Stephen J. Schueler, M.D.

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Neurapraxia Overview

What is neurapraxia?
A person with neurapraxia has bruised or stretched a nerve, which results in a temporary loss of nerve function. In most cases, this causes a transient episode of weakness of the muscles that receive signals from the nerve. Common causes of neurapraxia include prolonged pressure against a nerve while sleeping, and injuries to the nerve.

What are the symptoms of neurapraxia?
Symptoms of neurapraxia include numbness and tingling, burning pain, muscle weakness, and cool skin. Depending on the location, symptoms of neurapraxia may include arm weakness, arm numbness, leg weakness or leg numbness.

How does the doctor treat neurapraxia?
Treatment for neurapraxia includes rest, a splint, and nonsteroidal anti-inflammatory medications for pain. Prolonged neurapraxia may require treatment with narcotic pain medications, antidepressant medications, or anticonvulsants.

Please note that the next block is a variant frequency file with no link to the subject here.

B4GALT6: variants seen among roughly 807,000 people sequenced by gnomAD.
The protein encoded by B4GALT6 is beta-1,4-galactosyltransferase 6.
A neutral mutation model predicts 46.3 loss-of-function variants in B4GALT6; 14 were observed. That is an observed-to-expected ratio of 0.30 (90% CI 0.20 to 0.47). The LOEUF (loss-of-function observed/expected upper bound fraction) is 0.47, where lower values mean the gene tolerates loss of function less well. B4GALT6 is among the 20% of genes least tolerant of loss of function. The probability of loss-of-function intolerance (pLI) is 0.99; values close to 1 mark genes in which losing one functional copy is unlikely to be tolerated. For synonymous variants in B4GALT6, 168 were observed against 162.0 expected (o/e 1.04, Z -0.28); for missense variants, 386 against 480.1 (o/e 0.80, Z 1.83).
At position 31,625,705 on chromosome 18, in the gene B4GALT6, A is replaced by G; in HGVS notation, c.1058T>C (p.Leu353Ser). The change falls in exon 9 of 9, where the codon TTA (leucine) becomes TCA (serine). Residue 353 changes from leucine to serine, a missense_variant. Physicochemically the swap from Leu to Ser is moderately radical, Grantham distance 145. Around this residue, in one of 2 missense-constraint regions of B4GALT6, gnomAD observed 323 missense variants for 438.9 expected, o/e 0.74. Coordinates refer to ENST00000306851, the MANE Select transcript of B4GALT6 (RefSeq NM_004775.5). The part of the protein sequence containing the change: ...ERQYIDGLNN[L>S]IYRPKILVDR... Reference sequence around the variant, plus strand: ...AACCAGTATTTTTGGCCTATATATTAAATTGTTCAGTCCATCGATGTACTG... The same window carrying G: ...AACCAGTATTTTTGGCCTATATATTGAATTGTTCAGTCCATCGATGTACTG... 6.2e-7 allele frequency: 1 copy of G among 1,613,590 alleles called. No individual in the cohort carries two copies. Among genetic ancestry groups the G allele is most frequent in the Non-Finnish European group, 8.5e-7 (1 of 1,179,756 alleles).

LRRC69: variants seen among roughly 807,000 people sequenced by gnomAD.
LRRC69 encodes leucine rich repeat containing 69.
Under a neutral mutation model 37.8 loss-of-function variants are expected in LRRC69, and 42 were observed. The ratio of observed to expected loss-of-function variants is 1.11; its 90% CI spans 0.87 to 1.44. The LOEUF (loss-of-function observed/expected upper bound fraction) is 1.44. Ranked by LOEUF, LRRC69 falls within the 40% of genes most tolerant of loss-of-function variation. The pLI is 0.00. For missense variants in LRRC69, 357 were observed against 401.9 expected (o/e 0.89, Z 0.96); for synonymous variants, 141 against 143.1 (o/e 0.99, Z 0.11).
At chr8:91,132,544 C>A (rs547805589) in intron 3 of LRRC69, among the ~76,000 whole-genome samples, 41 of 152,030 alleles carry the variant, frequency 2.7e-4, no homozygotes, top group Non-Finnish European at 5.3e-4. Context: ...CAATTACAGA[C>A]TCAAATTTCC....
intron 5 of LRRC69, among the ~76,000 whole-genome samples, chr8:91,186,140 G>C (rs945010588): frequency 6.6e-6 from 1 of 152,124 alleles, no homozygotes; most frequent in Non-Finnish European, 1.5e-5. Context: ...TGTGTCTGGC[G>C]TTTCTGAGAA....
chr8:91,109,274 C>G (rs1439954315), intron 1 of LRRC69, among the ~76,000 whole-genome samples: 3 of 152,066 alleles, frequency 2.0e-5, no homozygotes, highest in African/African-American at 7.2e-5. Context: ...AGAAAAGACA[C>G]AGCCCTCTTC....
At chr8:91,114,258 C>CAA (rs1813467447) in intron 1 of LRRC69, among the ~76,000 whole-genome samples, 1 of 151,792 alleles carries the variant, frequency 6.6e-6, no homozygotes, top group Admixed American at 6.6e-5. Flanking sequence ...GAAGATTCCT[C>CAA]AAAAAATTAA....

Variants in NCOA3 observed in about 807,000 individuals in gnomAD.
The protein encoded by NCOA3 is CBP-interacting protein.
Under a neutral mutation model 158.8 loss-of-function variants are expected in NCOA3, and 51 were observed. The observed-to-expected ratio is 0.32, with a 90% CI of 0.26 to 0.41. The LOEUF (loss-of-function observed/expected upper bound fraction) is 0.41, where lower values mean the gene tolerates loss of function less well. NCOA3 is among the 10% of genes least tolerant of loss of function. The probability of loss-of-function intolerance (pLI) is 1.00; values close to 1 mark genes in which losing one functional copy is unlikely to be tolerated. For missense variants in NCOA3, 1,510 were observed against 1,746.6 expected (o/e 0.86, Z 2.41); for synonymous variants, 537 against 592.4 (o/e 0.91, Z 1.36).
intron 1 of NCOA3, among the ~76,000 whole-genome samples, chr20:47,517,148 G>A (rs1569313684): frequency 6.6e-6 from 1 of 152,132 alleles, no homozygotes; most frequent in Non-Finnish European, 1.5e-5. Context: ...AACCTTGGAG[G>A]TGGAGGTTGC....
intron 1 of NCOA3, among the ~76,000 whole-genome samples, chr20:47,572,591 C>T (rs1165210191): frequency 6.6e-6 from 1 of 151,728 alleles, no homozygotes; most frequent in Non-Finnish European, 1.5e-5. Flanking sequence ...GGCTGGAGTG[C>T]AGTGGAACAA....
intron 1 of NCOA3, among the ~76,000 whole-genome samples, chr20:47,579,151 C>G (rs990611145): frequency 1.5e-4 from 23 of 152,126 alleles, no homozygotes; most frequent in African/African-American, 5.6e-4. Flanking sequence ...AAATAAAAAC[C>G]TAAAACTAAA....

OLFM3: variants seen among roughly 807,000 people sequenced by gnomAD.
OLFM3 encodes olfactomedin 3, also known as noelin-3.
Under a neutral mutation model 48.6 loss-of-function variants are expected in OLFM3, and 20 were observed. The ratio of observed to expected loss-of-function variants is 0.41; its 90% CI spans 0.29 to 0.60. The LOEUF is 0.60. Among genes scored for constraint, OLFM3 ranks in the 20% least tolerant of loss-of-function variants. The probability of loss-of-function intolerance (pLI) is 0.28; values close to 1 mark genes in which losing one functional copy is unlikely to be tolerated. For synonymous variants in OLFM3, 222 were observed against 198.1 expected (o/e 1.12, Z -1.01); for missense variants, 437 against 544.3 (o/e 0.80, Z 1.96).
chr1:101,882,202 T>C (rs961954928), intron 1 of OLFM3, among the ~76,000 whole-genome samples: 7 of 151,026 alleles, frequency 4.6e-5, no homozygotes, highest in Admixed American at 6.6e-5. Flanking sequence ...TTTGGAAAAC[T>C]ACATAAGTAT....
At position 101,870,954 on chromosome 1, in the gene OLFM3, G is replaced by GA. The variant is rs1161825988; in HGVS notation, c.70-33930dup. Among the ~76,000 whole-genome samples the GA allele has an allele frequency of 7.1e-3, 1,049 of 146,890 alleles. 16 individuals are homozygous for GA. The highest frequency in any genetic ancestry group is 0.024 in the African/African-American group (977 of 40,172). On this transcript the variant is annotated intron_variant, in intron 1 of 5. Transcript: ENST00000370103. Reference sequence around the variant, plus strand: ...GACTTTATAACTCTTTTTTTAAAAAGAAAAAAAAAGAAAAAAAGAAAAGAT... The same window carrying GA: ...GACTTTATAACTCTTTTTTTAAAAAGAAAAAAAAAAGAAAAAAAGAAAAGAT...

Continue to Neurapraxia Incidence

Last Updated: Nov 16, 2010 References
Authors: Stephen J. Schueler, MD; John H. Beckett, MD; D. Scott Gettings, MD
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PubMed Neurapraxia References
  1. Andrews FJ. Transient cervical neurapraxia associated with cervical spine stenosis. Emerg Med J. 2002 Mar;19(2):172-3. [11904274]
  2. Castro FP Jr. Stingers, cervical cord neurapraxia, and stenosis. Clin Sports Med. 2003 Jul;22(3):483-92. [12852681]
  3. Siddiqui A, Benjamin CI, Schubert W. Incidence of neurapraxia in digital nerve injuries. J Reconstr Microsurg. 2000 Feb;16(2):95-8; discussion 98-9. [10706198]
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